Need for Content Reengineering of the Medical Library and Information Science Curriculum in Iran

By Gavgani, Vahideh Zarea; Nanekaran, Farhad Shokrane et al. | Library Philosophy and Practice, January 2011 | Go to article overview
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Need for Content Reengineering of the Medical Library and Information Science Curriculum in Iran

Gavgani, Vahideh Zarea, Nanekaran, Farhad Shokrane, Shiramin, Ali Roshani, Library Philosophy and Practice


Over the past two decades, medicine and health care education and practice have been undergoing a continuing revolution, in which the explosion of information and the application of information technology have played a fundamental role. Telehealth/ mHealth, evidence-based medicine (EBM), information therapy (Ix), patient-centered healtcare, consumer health information services and shared decision making, doctor-patient communication, patients' right to information and right to health, are instances of new approaches in medical education and healthcare policies that influence medical library services increasingly and change the expectations of medical libraries users.

The need for timely and quality filtered information at the moment in care, overwhelming amount of information on different platforms, and lack of time and expertise (Davidoff and Florance, 2000 ; Task force , 2003) on the part of physicians to find, assess and apply information in their daily decision making have created an environment for library and information science professionals to play a vital role in storage, retrieval, appraisal, management, summarizing and delivery of timely and reliable health information at the point of care. "The health sciences librarian believes that knowledge is the sine qua non of informed decisions in healthcare and the health sciences librarian serves society, clients, and the institution, by working to ensure that informed decisions can be made" (Medical Library Association, 2007).

At the same time, a growing number of tools and applications of information and communication technology (ICT) such as Web 2.0 along with its various facets (e.g. Blogs, Wikis, FaceBook, Podcasts, etc.) and mobile phone technology have created an opportunity for LIS professionals to utilize them in their profession and practice to improve patient care and present their longstanding information service in new knowledge based and ICT based environment. This changing environment exerts pressure on medical library and information science education to develop new curricula, revise the syllabuses of existing curricula and adopt new tools to practice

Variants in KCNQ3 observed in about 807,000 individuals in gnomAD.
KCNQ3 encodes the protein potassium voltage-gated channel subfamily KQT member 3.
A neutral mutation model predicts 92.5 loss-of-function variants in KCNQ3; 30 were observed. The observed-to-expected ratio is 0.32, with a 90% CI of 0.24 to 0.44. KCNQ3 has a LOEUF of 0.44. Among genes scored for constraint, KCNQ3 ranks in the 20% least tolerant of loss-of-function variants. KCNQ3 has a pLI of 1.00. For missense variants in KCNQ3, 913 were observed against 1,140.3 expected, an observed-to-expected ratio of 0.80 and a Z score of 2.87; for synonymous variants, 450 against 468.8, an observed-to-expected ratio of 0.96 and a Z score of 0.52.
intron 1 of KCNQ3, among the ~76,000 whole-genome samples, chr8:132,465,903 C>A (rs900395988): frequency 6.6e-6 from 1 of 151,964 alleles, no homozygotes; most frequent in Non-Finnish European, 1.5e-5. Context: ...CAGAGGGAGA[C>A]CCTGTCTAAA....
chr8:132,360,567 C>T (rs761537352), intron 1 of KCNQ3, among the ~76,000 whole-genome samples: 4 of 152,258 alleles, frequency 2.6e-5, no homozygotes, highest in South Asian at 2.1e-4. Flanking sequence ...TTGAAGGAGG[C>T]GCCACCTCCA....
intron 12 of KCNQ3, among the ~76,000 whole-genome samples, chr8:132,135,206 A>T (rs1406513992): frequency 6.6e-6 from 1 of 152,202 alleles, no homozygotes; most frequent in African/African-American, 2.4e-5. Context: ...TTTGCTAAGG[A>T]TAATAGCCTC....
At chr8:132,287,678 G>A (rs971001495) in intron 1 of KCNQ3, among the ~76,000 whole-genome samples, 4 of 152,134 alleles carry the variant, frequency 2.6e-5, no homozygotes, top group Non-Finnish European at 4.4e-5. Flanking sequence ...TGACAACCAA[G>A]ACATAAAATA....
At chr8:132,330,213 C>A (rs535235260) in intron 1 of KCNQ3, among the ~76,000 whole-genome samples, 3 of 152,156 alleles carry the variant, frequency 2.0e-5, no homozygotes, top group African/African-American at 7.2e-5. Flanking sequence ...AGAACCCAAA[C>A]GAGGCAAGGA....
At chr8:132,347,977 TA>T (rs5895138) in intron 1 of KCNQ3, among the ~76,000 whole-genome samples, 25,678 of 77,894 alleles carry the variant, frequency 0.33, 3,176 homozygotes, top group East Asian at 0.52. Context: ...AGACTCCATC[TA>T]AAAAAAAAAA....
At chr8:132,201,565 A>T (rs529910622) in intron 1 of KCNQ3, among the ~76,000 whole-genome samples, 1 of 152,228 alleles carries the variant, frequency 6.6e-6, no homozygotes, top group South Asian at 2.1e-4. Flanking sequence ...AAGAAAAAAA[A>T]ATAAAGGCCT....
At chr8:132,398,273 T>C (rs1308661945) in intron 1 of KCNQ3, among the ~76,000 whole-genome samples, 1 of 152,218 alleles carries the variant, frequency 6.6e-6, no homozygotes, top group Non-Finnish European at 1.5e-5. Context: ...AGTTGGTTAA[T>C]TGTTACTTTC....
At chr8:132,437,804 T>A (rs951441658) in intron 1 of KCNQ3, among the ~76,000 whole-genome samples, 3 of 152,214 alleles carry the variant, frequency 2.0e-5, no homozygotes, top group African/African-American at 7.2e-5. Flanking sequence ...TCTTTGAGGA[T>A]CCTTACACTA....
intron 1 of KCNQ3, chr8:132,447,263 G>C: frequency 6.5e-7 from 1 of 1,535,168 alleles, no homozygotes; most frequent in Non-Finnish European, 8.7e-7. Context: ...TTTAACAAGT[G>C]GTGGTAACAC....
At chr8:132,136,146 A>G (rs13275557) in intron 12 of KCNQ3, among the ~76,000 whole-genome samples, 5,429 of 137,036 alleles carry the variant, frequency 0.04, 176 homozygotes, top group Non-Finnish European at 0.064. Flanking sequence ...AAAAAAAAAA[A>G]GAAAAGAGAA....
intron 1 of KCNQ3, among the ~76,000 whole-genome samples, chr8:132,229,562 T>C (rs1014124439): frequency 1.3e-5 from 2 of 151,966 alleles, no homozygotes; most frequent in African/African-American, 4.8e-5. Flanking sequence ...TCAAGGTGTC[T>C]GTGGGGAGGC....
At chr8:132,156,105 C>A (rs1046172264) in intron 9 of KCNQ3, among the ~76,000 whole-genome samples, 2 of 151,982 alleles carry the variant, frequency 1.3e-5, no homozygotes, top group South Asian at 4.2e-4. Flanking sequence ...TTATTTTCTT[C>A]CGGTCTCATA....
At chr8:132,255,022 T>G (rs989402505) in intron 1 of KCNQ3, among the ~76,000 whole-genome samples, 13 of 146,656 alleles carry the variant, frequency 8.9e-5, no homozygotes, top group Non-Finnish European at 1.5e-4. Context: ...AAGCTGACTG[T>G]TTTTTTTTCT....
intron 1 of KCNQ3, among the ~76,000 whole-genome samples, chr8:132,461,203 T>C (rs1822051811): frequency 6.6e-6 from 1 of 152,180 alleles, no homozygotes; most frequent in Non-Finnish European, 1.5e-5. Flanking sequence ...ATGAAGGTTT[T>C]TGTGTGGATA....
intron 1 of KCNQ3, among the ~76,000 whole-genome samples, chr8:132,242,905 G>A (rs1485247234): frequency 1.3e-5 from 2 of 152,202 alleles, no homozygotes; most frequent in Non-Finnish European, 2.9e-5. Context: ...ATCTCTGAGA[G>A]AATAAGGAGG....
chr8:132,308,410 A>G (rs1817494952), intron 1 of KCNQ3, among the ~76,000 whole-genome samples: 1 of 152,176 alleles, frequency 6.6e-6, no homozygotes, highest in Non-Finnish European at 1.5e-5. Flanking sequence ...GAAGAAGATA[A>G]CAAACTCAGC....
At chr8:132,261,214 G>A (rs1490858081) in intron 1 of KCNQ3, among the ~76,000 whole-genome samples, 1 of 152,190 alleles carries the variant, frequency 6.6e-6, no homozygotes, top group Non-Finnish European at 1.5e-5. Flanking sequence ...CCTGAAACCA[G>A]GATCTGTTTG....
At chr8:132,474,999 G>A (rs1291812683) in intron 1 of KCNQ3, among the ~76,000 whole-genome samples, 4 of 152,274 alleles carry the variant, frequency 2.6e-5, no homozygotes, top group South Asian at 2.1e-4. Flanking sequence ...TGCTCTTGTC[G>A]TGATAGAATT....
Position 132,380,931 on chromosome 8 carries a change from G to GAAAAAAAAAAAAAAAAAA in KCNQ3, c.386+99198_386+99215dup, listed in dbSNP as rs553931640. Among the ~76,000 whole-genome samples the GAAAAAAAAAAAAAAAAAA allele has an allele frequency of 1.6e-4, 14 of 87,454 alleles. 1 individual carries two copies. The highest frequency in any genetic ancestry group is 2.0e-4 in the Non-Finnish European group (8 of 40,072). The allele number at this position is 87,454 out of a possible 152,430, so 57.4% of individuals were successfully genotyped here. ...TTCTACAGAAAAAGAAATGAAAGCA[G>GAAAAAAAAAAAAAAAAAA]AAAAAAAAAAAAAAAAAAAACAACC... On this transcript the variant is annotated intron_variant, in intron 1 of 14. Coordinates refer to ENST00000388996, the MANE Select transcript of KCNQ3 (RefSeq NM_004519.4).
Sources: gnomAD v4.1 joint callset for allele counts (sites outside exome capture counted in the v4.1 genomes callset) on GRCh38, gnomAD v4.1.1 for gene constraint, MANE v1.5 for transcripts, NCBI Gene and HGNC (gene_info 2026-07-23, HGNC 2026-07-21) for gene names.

Review of Literature

The first medical librarianship course was developed in the year 1939 in the United States with an emphasis on medical bibliography, and was offered at Columbia University by Thomas Fleming (Roper, 1979). In 1946, more emphasis began to be placed on medical library administration, cataloging and classification, and acquisitions procedures (Brodman, 1954). From 1939 to 1977, courses were introduced into the curricula of forty-seven of the sixty-four library schools in the United States (Roper, 1979). In 1977, thirty-four of the forty-seven schools of library science in the U.S. included work with MEDLINE to some degree (Berk & Davidson, 1978). At the same time, four LIS schools in Canada also were offering Medical Librarianship courses. In 1977, the World Health Organization (WHO) undertook to support the establishment of a medical library school in the Imperial Medical Centre of Iran. Among its objectives was the training of qualified medical librarians for Middle Eastern medical libraries. In the summer of 1977, the University of Illinois undertook to create and manage a school of health library and information science set up at the medical centre for this purpose (Harvey, 1989). The two-year Master's curriculum was similar to the curricula of other library schools in the mid-1970s except for its medical librarianship and technology related subjects (Hayati & Fattahi, 2005). in 1979, Iran University of Medical Sciences (IUMS) (formerly The Imperial Medical centre) established the School of Medical Library and Information Science (MLIS) and opened admission to its Master of Medical Library and Information Science program (Sanjesh Organization, 2005 & 2008). Maybe, the first practical attempt for the specialization of practice of Medical Librarianship occurred in the U.

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Need for Content Reengineering of the Medical Library and Information Science Curriculum in Iran


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